Online MBA vs Campus MBA: Pros and Cons

For students seeking an MBA, there are many more learning options available today than in previous years. A growing number of MBA programs are offered online, opening up options for working professionals, parents and others with busy schedules.

As the popularity of taking classes at home grows, you might stop to wonder, what’s the difference? What are the advantages of pursuing an MBA program online versus in a classroom? Here we’ll compare online MBA programs with traditional, classroom-based programs.

online MBAOnline MBAs offer:

Convenience: The biggest reason to take any online course. They offer the flexibility to be in class when you want to, whether it’s early morning before your day begins, or late night after work. Weekends are open, too.

Availability: Since more business schools are offering online courses along with their traditional courses, availability is catching up.

Cost: Online MBA programs are generally cheaper than classroom programs — especially when you count travel expenses like gas and parking.

Anywhere access: Internet-based learning means you can access your class from anywhere you get the Internet.

Self-paced learning: Online MBA programs are particularly beneficial to learners who take more time, speak a first language other than English, read slowly, or otherwise do better on their own.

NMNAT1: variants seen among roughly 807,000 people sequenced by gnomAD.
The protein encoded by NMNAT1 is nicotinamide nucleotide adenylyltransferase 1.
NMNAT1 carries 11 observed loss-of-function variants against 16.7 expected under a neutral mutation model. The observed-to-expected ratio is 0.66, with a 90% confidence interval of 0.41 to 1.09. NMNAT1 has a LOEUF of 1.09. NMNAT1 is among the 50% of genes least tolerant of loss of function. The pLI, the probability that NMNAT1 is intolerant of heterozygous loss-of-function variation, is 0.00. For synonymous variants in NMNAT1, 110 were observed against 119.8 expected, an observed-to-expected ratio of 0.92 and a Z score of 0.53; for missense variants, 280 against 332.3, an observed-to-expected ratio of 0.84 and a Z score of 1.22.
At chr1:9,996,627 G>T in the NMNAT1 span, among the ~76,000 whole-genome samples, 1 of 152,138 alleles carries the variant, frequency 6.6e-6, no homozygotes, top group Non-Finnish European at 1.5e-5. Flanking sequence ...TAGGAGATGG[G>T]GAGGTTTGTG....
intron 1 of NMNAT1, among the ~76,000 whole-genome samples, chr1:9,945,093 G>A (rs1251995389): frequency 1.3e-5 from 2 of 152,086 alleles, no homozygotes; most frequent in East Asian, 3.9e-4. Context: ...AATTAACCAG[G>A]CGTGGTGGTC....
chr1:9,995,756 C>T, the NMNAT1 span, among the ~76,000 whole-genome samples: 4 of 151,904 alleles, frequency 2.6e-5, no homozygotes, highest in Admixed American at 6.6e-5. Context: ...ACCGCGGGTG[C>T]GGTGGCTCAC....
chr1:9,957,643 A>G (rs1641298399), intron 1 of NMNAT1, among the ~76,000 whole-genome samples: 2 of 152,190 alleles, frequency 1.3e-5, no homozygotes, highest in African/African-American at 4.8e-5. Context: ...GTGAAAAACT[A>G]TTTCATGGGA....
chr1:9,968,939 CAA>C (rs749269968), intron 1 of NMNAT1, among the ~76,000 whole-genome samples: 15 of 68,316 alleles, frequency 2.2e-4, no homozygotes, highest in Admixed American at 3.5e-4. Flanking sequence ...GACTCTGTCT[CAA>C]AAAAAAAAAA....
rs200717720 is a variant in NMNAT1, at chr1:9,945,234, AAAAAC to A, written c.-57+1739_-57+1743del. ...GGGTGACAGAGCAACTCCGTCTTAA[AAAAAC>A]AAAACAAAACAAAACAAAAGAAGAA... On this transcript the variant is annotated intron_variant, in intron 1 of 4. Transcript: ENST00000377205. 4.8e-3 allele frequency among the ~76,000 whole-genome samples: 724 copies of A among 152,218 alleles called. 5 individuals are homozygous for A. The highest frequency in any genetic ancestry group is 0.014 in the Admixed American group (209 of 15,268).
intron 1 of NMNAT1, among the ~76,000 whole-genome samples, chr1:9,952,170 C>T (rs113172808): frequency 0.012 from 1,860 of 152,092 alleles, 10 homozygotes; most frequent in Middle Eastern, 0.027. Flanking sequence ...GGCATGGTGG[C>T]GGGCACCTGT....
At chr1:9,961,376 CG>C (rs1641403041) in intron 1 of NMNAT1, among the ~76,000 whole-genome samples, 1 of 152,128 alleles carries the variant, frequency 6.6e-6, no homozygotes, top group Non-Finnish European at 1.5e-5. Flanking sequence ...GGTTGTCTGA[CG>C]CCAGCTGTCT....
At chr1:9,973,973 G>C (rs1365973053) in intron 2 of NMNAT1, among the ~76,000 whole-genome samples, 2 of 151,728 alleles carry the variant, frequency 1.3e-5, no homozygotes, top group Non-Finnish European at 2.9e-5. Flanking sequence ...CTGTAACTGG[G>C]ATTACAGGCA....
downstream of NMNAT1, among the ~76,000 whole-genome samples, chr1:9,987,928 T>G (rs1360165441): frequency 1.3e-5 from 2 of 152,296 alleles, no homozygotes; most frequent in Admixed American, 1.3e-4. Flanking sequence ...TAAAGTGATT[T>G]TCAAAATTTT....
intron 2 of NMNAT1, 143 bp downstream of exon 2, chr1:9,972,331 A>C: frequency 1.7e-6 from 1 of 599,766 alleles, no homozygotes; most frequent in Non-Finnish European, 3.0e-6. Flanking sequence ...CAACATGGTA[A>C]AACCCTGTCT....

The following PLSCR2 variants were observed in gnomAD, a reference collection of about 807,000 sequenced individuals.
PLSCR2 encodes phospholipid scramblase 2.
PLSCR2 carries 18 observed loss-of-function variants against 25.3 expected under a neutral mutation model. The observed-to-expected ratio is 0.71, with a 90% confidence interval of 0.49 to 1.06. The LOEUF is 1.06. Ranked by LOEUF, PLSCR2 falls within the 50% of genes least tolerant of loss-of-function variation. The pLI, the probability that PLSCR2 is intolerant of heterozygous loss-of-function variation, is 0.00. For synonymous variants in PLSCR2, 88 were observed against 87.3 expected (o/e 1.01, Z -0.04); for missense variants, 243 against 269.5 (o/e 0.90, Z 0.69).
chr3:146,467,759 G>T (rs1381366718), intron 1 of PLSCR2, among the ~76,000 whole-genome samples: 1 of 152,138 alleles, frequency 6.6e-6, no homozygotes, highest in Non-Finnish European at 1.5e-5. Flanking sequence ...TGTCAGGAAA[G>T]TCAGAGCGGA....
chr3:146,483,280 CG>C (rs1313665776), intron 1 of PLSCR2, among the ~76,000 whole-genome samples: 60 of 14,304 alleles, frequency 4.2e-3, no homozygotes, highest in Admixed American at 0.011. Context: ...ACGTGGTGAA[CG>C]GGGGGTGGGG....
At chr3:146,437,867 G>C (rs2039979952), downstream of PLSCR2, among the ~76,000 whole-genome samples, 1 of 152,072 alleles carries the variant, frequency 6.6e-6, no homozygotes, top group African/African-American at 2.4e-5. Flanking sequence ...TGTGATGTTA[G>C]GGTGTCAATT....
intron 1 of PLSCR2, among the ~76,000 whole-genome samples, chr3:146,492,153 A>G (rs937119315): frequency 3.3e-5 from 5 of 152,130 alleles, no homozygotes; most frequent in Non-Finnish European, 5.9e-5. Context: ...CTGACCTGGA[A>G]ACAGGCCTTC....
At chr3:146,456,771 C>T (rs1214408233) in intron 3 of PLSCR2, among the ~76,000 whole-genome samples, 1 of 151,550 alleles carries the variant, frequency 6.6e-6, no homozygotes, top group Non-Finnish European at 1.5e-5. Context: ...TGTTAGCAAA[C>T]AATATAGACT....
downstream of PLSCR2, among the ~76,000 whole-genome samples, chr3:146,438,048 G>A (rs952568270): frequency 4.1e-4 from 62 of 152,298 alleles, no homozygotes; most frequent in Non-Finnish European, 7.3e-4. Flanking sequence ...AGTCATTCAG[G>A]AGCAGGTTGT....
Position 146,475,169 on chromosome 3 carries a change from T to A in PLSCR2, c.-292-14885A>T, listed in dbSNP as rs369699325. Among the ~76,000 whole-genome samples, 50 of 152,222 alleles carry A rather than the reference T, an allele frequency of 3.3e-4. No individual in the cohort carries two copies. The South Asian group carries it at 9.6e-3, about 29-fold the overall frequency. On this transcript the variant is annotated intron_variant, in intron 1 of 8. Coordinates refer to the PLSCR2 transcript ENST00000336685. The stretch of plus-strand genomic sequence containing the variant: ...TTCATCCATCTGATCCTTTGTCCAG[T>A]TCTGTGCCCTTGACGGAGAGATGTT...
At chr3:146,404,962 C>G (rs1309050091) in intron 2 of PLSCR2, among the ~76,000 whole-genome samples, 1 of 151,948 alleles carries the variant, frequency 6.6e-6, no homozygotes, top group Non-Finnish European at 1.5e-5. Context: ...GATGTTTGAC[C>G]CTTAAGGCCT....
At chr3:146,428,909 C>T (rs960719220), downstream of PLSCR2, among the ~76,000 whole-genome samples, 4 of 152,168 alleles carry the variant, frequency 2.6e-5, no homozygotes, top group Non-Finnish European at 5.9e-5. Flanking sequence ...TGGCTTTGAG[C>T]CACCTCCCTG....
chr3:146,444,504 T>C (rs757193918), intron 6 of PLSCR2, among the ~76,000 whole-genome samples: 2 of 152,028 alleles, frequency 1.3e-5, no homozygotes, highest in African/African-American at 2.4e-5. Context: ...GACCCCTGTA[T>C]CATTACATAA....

No interruptions: Another major appeal of online MBA programs is that you can schedule them around work, travel and other engagements, rather than taking a leave of absence.

MBA business schoolsCampus MBAs offer:

Face-to-face interaction: Many find it easier to get a concept if it is explained to them in person, and questions are more readily answered.

Reputation: Though online MBA programs are becoming more widely accepted, as there is no difference in the information taught, there is still a social stigma attached to online degrees. (Your diploma, however, will not indicate either way.)

No computer skills necessary: Unless the course content requires computer use, classroom-based learning is often more beneficial for those who lack Internet skills.

Social interaction: Though connecting with others is possible online, many prefer the old-fashioned way.

Campus atmosphere: If you have the time to spare, getting out of the house and visiting an outdoor campus can be a valuable part of the experience.